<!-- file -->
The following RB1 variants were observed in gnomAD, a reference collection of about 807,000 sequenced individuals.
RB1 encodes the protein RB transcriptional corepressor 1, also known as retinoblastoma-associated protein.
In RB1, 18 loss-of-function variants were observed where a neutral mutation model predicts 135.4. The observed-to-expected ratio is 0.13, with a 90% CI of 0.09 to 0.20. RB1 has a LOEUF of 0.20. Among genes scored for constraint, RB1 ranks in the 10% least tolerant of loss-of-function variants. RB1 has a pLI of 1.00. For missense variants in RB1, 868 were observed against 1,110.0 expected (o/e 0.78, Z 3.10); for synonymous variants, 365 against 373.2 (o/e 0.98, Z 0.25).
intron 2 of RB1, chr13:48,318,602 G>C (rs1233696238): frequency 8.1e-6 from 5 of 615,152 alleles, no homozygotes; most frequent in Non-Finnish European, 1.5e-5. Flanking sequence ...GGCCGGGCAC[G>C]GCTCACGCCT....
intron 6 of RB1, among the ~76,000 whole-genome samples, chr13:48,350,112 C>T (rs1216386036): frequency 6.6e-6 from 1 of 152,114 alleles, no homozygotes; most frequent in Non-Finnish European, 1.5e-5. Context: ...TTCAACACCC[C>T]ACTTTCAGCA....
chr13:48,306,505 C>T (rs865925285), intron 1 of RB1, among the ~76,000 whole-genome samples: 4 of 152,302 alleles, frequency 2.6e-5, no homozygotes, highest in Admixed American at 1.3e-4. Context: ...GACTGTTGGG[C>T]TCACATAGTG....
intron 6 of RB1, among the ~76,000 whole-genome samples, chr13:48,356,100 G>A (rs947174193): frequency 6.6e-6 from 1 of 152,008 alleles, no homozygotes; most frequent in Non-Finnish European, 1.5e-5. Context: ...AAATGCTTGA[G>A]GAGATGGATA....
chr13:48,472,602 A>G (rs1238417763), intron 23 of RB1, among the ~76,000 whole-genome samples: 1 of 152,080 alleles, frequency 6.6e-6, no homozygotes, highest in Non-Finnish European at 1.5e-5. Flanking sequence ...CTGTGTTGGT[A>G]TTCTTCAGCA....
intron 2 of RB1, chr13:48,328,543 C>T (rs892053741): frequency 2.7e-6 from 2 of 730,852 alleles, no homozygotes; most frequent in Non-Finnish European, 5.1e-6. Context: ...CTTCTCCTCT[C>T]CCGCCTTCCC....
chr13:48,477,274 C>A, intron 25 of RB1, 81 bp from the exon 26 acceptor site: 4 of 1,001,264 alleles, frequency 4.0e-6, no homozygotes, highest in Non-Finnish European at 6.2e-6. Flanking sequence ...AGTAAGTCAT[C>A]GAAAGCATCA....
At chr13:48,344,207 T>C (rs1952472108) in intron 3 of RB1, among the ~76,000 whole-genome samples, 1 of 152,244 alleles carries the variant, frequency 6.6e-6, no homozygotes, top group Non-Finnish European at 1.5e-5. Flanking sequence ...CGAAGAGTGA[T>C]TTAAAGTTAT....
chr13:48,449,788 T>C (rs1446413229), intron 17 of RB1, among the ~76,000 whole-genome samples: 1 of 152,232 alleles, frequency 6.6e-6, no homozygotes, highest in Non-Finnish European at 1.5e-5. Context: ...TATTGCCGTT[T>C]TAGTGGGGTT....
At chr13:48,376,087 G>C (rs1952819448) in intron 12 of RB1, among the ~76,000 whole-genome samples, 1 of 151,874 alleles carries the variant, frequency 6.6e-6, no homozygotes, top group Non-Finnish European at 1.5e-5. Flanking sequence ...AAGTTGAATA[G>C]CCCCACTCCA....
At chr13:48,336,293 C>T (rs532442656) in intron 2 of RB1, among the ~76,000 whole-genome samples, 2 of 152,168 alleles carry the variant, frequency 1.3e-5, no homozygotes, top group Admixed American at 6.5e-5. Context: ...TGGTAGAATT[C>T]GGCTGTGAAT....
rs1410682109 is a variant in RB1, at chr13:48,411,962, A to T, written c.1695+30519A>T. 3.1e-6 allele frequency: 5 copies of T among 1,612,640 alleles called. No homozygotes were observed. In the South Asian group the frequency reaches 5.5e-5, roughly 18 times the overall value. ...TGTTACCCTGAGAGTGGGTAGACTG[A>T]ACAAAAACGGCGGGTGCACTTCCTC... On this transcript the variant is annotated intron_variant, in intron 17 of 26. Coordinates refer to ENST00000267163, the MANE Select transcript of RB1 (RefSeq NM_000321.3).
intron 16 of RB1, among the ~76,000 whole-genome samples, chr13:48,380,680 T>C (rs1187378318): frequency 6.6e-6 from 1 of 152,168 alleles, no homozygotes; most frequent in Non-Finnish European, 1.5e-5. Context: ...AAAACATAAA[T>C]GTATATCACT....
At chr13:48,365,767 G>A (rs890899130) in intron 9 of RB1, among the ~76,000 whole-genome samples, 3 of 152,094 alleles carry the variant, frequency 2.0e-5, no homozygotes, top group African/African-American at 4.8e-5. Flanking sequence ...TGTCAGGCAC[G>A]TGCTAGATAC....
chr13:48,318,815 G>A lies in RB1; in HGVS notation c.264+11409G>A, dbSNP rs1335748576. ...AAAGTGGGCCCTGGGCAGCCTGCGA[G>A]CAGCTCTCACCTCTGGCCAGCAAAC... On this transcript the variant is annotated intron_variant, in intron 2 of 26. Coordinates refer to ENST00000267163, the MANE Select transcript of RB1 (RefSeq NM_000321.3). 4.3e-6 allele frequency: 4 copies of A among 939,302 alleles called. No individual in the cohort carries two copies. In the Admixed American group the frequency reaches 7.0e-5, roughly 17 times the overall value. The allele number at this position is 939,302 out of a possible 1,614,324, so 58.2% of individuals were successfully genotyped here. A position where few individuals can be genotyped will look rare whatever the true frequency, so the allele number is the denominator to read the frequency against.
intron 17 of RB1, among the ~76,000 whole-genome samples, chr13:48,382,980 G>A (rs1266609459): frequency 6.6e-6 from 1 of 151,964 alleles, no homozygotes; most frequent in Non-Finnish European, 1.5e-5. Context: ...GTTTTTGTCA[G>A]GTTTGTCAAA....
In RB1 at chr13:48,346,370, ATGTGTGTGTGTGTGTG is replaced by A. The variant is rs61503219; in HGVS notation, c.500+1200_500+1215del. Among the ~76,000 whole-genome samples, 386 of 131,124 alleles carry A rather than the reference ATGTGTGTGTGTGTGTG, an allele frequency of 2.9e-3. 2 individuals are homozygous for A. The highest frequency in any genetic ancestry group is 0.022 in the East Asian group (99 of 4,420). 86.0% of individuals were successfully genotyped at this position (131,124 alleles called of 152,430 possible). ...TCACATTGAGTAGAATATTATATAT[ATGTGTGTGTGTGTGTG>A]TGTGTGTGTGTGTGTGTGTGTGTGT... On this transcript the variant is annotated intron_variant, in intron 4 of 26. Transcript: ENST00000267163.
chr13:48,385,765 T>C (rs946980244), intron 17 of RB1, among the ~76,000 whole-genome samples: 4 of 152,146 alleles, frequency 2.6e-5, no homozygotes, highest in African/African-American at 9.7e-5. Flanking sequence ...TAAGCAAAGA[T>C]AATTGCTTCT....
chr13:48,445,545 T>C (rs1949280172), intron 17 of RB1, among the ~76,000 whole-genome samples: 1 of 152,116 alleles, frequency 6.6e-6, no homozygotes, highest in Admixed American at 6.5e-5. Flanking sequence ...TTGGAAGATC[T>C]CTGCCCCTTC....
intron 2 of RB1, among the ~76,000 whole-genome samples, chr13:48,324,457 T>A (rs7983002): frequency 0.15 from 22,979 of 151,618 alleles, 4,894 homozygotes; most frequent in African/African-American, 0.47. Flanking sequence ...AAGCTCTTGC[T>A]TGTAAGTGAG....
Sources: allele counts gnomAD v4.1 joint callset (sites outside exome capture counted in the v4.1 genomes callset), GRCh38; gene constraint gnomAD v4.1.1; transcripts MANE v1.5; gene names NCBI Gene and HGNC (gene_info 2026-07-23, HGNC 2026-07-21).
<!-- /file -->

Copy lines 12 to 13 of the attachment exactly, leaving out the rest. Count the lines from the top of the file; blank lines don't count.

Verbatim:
chr13:48,449,788 T>C (rs1446413229), intron 17 of RB1, among the ~76,000 whole-genome samples: 1 of 152,232 alleles, frequency 6.6e-6, no homozygotes, highest in Non-Finnish European at 1.5e-5. Context: ...TATTGCCGTT[T>C]TAGTGGGGTT....
At chr13:48,376,087 G>C (rs1952819448) in intron 12 of RB1, among the ~76,000 whole-genome samples, 1 of 151,874 alleles carries the variant, frequency 6.6e-6, no homozygotes, top group Non-Finnish European at 1.5e-5. Flanking sequence ...AAGTTGAATA[G>C]CCCCACTCCA....